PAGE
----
Catching Up: Writing Again!

So I just finished up this blog post, Just What the Heck is Amortized Constant Time Anyway?, over the last couple weeks. And I felt odd once I finally posted it, because of the total lack of personal context as to where this post is coming from. After all, it's been over a year since my previous post. So I wanted to write a quick "catching up" post, which is mostly about the fact the I am writing again!

Personal circumstances had made it difficult to write for about a period of a year. I wasn't able to produce much - prose or code - outside of the job. It was pretty frustrating for me, because I had to more or less abandon my blog, as well as set aside a writing project I had been working on last year. My circumstances have changed a bit, and I have freed up a good deal of time to be writing again.

This Amortized Constant Time post does seem a little out of the blue. About a year ago, I had been working on a book about the Scala collections library, and I felt that it was important to talk about amortized constant time and effective constant time, and the data structures that display these behaviors. But I didn't see it as material that directly belonged in the book. So I decided to make them appendices of sorts, and just put them out on the blog.

I've been thinking a lot about readability, and making my writing more accessible to a wider audience. Some of the blog posts I have written in the past have been pretty challenging, and I imagine that is a turn off for many potential readers. This struck home particularly strongly with my 2013 Scala Days talk, where the impression I got was that, while many people enjoyed it a lot, it was generally a flop. I presented way too much material, of way too technical a nature. The next time I give a talk like this, I'm going to put much more care into respecting my audience, and sharing material that is actually useful to them. I've specifically tried to address these kinds of concerns in the Amortized Constant Time post, which, while challenging, should be much more accessible to a wider audience. But I still have two problems with it. Most importantly, it is just too long. I've learned through Google Analytics that the average visit to my site is a bit over a minute. This is not nearly enough time to digest one of the blog posts that I typically write! I didn't really find any way to break this previous blog post into smaller chunks, but I will actively be looking at making shorter posts in the future.

The second major flaw with the Amortized Constant Time post, as I see it, is that it is not directly applicable to an engineer. I think that when engineers read blogs or other material, they most often are looking for recipes, or code snippets that they can copy and modify and use directly in what they are working on. Understanding performance characteristics of a collection implementation does not really fit into this model. But there are other things I want to write, or have already started writing, that could benefit from this perspective. I can focus on recipes and how-to guides, and leave some of the theory and edge case analysis to the side.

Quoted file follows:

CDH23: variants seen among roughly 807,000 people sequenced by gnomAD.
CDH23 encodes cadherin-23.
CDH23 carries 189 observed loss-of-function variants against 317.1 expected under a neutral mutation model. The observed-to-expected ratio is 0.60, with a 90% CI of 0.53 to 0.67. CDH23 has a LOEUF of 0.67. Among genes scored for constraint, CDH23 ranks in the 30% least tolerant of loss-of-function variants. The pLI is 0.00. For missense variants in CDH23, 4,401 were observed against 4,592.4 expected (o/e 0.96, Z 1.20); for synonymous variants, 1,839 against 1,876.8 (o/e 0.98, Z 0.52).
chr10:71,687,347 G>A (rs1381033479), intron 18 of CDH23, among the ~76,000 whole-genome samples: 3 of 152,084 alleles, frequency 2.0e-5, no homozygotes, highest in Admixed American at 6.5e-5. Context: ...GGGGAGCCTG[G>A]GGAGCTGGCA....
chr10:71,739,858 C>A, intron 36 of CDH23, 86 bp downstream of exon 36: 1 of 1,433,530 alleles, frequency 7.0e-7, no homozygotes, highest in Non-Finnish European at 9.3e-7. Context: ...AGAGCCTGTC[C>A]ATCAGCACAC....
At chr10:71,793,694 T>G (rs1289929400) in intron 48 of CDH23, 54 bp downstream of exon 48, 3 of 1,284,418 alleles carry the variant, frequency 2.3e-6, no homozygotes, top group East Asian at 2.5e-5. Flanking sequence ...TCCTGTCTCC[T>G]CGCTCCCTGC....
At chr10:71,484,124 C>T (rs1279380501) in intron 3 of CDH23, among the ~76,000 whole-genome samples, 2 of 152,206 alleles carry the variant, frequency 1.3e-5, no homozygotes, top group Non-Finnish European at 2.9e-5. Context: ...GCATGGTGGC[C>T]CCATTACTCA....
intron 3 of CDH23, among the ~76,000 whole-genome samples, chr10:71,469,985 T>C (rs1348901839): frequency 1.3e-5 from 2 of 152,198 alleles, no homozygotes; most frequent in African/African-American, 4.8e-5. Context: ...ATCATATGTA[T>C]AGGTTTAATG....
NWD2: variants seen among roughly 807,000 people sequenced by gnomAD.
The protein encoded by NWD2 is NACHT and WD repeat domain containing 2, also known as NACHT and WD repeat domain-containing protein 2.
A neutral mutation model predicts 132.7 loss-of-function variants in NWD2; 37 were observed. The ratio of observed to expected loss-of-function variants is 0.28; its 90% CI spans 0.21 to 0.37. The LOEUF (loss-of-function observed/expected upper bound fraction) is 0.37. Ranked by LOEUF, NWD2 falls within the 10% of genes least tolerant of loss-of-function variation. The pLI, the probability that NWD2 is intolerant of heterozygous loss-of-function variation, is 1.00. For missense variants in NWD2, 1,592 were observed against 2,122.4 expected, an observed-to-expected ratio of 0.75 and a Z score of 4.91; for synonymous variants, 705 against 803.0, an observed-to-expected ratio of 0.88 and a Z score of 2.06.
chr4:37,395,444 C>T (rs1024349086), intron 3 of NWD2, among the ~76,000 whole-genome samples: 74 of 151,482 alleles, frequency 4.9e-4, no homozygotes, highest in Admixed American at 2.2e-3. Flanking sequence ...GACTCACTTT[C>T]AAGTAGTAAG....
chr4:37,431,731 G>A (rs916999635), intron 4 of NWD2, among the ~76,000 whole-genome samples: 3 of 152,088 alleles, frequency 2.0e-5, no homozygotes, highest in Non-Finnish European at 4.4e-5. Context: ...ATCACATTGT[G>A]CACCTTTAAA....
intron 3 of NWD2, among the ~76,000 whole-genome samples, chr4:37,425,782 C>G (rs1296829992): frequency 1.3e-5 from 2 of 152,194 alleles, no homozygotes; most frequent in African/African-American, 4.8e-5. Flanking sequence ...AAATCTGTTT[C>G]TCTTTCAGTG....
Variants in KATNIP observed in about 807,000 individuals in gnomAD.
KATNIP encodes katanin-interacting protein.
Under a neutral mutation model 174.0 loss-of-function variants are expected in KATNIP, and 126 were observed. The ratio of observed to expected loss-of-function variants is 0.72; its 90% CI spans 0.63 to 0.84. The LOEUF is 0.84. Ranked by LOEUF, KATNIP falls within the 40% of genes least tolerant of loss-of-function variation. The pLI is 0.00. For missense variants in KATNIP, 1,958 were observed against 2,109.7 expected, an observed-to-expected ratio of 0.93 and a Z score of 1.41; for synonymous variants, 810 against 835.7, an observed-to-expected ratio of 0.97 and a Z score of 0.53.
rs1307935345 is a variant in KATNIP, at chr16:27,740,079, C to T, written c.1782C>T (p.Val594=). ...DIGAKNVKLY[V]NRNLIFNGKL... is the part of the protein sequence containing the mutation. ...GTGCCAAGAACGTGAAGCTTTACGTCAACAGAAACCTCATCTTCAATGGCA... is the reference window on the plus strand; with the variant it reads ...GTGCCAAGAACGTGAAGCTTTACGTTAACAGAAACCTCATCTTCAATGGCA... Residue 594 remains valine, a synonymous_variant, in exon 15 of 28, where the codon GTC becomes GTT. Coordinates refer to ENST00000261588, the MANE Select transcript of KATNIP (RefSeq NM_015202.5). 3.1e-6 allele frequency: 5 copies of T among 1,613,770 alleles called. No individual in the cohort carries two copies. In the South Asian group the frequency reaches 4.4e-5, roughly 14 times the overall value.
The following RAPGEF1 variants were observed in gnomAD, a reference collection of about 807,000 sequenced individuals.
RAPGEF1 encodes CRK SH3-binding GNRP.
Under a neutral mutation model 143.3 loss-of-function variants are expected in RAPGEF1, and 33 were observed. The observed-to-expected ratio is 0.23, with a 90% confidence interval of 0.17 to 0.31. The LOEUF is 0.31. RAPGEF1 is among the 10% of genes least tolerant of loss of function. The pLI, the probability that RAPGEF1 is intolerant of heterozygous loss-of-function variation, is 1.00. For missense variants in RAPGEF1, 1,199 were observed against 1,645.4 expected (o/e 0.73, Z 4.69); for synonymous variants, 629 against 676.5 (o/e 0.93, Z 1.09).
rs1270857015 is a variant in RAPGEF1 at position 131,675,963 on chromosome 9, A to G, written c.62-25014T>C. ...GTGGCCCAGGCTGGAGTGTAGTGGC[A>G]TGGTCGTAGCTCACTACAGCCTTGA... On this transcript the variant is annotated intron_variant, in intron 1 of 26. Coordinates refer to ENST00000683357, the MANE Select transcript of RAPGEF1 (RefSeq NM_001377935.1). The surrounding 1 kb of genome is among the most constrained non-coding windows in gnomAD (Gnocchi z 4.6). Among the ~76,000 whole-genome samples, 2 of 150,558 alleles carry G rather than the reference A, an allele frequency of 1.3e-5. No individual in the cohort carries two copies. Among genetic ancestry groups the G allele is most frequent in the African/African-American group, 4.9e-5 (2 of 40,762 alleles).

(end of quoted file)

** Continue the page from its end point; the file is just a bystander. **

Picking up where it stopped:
So what am I planning on writing on? The cake pattern, for one. A couple weeks back I went to a talk by Adam Warski on Scala dependency injection, and his constructor-injection based framework MacWire. It was a great talk, and really got me thinking. A few nights later, I was ruminating on the cake pattern, and I had an idea of a cake pattern variation that would make the pattern easier to understand and maintain. I plan on writing about this idea, as well as using it on a software project I started working on. I've also thought a good deal about the cake pattern posts I've written in the past. I think that while they are very thorough, and cover lots of bases, including what I believe are some novel applications, the material as presented is hard to digest. It's written up in a rather academic fashion, as well as being spread throughout a handful of blog posts. So I was thinking of writing a short "cake pattern handbook", which would read much more like a recipe guide, for practical application of the pattern in real projects. One bit of feedback that I've heard more than once is that my example code, (TService, TRepository, UService, URepository, etc.), is a too abstract to grasp, and that it would be helpful to use a more life-like example. So I plan to do that as well.

I've also started writing code again too! I started up a little pet project that is in very early stages at the moment. It's fun to be able to choose technologies! In my last job, I have doing Java/Spring/Hibernate, which is somewhat rewarding, simply because I have such a strong skill set in that area and can be very productive. But I've been really itching to move into a different technology stack. Mostly I want to get back to Scala, but I also want to try out NoSQL databases, and it looks like I will be using MongoDB on this next project. I imagine this new project will give me lots of stuff to write about, and I'm sure I will do that when the time comes.

Other things I'd like to write about? I have a couple ideas for posts on agile development that I'd like to get to. I'd like to pick up what I was writing a year ago on the Scala collections. And I also have a lot of ideas about domain driven design - particularly how it relates to technologies like Hibernate and relational databases - that I wanted to write up. I love to write, but I don't want to write just for myself. So please, give me your feedback, and let me know what you'd like to see the most!

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